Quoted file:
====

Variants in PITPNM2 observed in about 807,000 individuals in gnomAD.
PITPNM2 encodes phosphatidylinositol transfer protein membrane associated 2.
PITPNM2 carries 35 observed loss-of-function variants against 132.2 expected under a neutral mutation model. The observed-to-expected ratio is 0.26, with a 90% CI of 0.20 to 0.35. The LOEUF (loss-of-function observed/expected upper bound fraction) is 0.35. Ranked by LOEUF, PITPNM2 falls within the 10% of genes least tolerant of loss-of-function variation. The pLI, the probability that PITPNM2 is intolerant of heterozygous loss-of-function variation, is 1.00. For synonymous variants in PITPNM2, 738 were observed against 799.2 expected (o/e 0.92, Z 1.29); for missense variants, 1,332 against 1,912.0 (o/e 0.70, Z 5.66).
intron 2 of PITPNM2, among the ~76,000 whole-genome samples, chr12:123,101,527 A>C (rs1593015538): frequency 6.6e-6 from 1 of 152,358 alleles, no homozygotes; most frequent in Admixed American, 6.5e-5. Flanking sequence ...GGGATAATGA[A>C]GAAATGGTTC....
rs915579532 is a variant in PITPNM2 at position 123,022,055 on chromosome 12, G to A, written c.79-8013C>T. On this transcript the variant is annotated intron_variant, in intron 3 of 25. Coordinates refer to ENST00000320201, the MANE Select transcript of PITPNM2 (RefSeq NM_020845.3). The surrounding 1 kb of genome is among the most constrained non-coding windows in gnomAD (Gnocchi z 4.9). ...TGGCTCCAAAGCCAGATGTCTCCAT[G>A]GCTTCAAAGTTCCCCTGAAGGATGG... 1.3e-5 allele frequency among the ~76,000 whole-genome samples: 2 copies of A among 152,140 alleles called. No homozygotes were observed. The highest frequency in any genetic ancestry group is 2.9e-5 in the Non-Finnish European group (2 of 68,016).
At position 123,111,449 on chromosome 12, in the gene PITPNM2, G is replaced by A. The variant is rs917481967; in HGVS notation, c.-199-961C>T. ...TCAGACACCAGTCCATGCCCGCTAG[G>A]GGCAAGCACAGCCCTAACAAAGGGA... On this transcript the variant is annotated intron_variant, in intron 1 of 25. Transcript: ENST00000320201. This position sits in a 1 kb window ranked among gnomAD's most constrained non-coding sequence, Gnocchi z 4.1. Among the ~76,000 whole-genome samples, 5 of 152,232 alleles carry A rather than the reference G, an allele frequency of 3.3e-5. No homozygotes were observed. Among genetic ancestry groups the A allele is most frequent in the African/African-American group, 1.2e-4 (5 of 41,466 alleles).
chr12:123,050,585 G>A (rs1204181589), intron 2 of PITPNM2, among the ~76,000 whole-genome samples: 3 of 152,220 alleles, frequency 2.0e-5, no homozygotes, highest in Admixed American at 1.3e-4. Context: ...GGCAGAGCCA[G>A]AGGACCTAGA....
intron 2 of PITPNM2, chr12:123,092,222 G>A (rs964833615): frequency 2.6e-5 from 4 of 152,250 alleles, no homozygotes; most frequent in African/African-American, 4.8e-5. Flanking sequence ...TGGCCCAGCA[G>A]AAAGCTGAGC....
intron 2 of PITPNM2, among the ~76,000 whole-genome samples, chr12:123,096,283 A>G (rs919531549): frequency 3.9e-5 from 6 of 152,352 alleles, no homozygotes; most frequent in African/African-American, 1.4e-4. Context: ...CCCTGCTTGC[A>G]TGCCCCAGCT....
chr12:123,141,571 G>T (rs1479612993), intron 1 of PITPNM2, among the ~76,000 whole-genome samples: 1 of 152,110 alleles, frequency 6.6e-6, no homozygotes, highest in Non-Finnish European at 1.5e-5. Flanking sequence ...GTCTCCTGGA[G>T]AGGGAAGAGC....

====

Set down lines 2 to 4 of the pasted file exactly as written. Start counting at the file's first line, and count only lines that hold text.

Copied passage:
PITPNM2 encodes phosphatidylinositol transfer protein membrane associated 2.
PITPNM2 carries 35 observed loss-of-function variants against 132.2 expected under a neutral mutation model. The observed-to-expected ratio is 0.26, with a 90% CI of 0.20 to 0.35. The LOEUF (loss-of-function observed/expected upper bound fraction) is 0.35. Ranked by LOEUF, PITPNM2 falls within the 10% of genes least tolerant of loss-of-function variation. The pLI, the probability that PITPNM2 is intolerant of heterozygous loss-of-function variation, is 1.00. For synonymous variants in PITPNM2, 738 were observed against 799.2 expected (o/e 0.92, Z 1.29); for missense variants, 1,332 against 1,912.0 (o/e 0.70, Z 5.66).
intron 2 of PITPNM2, among the ~76,000 whole-genome samples, chr12:123,101,527 A>C (rs1593015538): frequency 6.6e-6 from 1 of 152,358 alleles, no homozygotes; most frequent in Admixed American, 6.5e-5. Flanking sequence ...GGGATAATGA[A>C]GAAATGGTTC....